This past weekend brought many organized birding events to the city of Los Angeles. Audubon chapters from around LA coordinated the second annual Bird Day LA: a slew of bird/nature walks, photography classes, and a bar meet-up, all aimed to get the public excited about bird watching, nature, and conservation. Coincidentally, Audubon California decided to hold the first-ever Brown Pelican Survey on the same day. Due to my hectic school and work schedule, I decided to focus my time on attending this important bird count.
For those who live in London, you can now tweet @PigeonAir to have a pigeon task force dispatched to your neighborhood to fly through the sky and test the quality of the air. Plume Labs has teamed up with a local owner of racing pigeons, whose birds are outfitted with tiny sensors that take readings of ozone, volatile compounds, and nitrogen dioxide.
For the past 116 years the Audubon has organized the annual Christmas Bird Count where groups all over the country gather between December 14th and January 5th to count birds in a particular area.
Like many people do on bird outings, the number of species spotted and how many of each species is recorded and submitted to eBird to help scientists monitor population fluctuations and migration patterns. The Christmas Bird Count bird census was started to replace the tradition of the “side hunt” where men would go out and hunt as many birds in a day as possible.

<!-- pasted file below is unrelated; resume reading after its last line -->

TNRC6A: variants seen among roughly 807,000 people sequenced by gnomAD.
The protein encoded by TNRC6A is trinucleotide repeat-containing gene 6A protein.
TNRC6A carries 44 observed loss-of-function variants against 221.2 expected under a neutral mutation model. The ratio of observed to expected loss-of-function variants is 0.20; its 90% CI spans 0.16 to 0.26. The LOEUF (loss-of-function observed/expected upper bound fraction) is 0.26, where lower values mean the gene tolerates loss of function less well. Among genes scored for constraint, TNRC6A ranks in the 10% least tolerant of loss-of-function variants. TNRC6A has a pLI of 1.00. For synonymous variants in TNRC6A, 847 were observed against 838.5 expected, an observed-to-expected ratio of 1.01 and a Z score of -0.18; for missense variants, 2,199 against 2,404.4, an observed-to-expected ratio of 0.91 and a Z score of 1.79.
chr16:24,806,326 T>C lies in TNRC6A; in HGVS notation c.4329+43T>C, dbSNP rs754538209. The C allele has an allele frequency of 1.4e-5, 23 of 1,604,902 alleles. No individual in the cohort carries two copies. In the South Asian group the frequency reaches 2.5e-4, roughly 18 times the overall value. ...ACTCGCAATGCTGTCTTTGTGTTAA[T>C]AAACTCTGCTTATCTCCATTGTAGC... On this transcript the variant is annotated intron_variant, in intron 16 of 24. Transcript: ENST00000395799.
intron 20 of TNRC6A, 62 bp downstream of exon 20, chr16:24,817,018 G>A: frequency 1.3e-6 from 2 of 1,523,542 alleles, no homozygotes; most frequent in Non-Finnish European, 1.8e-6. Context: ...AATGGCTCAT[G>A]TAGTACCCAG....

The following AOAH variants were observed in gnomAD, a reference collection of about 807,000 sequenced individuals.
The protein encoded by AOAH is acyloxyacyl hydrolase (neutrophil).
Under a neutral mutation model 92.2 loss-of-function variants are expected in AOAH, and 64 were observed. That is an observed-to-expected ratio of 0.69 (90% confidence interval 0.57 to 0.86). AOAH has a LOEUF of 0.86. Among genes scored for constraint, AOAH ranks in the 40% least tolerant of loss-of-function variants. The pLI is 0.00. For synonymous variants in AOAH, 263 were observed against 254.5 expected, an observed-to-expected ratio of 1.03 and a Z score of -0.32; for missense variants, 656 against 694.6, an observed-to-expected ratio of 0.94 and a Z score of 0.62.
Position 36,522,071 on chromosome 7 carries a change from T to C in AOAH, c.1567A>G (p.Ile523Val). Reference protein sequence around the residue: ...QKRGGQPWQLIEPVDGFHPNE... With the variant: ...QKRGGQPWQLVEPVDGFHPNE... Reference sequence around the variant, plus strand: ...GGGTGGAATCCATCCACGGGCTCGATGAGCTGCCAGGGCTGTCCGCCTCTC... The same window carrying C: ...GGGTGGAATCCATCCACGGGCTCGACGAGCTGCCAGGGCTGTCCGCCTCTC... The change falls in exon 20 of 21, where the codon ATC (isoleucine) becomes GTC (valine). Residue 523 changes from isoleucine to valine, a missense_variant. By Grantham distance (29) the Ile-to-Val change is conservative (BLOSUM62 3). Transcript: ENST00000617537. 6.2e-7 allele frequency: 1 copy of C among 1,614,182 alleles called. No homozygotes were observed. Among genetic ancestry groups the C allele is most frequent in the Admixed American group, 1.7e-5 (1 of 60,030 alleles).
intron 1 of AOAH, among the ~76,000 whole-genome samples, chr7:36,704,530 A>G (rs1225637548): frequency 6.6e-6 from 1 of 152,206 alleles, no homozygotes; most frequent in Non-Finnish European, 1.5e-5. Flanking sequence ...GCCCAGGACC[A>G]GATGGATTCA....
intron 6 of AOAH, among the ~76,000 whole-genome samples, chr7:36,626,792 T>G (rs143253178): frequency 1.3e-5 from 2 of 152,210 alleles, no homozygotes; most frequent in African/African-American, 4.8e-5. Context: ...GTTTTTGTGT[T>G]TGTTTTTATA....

The Cornell Lab of Ornithology and eBird have been hard at work bringing improvements to the online bird checklist site, eBird. Their latest update on November 3rd brings the ability to attach photos and audio clips to bird checklists. This rich media becomes a part of the Macaulay Library, which acts an a permanent archive for eBird data.
Getting a job is hard. Thousands of millennials graduate college each year with nothing else to show for it than a piece of paper. A diploma no longer gets you a full-time job right out of college. The job market is tough, especially in the wildlife field. There is a finite amount of jobs for a growing pool of applicants. This doesn’t mean you can’t get there, it just means you have to put in a little more effort beyond your time spent at college!
Here are a quick 5 tips on breaking into the biology profession:
Good news! Parakeets might just be able to respond to how you feel!
Yes, a recent study in the journal Animal Cognition suggests budgerigars are capable of certain aspects of affective empathy. Let’s start with a little background on empathy: Over the years of psychologists conceptualizing empathy, researchers have basically agreed that there are two distinct components at play: cognitive empathy and affective empathy.